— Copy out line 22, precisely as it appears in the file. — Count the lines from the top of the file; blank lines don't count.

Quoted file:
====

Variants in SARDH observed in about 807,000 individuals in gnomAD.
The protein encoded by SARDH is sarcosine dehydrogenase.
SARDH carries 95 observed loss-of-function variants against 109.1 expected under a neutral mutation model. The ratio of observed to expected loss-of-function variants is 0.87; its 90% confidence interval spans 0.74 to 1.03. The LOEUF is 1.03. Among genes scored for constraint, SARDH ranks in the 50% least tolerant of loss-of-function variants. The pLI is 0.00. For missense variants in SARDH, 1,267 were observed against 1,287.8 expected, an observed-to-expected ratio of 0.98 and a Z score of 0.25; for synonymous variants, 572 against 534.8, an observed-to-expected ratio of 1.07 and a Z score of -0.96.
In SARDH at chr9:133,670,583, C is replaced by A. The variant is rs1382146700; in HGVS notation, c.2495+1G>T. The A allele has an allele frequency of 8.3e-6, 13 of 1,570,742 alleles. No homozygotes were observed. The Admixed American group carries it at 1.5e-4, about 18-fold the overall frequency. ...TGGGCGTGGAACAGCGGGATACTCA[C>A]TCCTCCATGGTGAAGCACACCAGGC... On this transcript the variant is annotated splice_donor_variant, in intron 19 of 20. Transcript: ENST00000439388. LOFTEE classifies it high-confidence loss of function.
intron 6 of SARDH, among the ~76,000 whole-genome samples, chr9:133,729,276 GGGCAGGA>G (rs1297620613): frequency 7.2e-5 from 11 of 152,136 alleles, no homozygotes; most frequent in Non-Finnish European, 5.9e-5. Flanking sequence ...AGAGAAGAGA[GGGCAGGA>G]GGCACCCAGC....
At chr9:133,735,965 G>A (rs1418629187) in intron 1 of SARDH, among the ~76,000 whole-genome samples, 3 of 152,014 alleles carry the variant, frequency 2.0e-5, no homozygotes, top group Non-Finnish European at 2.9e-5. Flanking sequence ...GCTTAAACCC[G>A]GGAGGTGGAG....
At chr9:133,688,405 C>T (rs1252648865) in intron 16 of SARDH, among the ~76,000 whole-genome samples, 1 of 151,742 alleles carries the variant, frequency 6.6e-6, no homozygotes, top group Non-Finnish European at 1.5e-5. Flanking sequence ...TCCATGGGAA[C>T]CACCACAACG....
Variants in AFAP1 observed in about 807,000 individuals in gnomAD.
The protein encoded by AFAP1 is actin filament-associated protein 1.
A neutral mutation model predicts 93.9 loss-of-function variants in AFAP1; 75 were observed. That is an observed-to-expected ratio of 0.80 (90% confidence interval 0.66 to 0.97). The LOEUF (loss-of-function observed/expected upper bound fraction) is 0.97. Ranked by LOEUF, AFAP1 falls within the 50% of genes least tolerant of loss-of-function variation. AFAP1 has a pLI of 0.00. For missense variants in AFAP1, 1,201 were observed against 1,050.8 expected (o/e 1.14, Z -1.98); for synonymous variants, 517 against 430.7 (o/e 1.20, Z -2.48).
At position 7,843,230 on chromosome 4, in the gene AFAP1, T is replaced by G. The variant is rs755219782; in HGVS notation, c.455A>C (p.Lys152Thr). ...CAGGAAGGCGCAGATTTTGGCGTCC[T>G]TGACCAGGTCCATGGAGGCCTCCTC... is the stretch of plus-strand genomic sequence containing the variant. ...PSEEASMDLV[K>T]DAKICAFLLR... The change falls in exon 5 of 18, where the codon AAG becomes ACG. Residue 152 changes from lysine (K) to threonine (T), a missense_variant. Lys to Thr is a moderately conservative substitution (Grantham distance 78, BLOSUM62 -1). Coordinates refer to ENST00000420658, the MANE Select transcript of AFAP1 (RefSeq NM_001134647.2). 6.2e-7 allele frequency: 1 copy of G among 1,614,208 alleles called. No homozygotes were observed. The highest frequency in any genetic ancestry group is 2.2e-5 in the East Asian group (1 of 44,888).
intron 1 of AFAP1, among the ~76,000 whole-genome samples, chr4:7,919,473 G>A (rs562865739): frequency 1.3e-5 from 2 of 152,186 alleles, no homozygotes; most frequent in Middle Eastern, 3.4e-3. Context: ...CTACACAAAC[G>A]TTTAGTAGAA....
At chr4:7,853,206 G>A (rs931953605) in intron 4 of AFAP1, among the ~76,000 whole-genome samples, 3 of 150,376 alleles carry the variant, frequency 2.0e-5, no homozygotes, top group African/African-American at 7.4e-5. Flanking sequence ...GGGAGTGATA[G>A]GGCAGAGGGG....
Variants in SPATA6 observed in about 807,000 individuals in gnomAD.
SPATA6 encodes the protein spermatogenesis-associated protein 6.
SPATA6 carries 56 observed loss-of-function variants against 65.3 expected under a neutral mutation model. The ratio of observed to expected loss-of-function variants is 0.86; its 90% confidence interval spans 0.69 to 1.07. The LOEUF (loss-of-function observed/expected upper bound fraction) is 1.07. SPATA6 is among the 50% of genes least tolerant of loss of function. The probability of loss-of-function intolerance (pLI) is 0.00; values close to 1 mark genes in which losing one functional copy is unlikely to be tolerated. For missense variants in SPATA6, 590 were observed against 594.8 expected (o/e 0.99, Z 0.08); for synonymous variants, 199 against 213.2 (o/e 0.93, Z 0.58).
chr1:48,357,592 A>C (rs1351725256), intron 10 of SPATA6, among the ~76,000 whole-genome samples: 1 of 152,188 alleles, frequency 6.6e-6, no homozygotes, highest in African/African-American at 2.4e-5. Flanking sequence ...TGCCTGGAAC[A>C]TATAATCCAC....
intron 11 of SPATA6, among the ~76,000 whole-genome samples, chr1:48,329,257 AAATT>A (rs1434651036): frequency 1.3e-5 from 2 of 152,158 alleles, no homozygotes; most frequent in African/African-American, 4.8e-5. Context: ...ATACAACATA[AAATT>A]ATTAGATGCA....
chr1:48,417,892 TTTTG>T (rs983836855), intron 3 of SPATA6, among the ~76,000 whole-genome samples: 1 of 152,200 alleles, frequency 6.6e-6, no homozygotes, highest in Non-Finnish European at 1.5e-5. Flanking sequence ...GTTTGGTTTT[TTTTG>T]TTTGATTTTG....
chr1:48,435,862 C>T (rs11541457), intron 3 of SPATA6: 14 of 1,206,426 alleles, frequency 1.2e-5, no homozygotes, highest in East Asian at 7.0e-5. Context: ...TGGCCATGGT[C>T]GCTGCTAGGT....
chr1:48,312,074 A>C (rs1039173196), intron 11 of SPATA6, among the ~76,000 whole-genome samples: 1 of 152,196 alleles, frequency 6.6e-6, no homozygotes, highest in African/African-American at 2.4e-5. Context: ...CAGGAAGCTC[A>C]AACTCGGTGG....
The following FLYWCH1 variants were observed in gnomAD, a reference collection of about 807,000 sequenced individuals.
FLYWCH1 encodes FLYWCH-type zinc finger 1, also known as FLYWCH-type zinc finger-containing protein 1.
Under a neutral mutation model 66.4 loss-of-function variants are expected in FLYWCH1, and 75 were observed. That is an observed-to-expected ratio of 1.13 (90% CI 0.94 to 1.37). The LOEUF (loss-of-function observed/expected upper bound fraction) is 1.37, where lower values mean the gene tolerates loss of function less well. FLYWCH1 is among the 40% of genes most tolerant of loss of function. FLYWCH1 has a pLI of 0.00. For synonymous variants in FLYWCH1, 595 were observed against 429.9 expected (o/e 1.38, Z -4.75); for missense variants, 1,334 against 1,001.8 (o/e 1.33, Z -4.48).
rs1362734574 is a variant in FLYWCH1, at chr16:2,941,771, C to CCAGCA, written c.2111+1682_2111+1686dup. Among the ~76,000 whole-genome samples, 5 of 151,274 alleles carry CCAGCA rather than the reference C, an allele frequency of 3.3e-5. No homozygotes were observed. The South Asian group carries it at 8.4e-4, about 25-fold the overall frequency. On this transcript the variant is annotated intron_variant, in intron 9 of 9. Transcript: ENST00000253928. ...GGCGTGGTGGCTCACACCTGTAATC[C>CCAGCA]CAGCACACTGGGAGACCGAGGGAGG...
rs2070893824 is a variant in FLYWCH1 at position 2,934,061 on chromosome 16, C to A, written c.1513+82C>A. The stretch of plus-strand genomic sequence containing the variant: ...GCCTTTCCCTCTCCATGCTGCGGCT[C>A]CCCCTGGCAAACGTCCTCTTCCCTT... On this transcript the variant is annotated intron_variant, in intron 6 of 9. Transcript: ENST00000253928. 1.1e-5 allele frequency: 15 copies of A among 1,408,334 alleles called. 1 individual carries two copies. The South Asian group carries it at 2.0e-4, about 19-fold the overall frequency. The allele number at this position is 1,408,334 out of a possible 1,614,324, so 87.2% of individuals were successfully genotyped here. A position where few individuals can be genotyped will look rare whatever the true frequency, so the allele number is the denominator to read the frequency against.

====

The following FLYWCH1 variants were observed in gnomAD, a reference collection of about 807,000 sequenced individuals.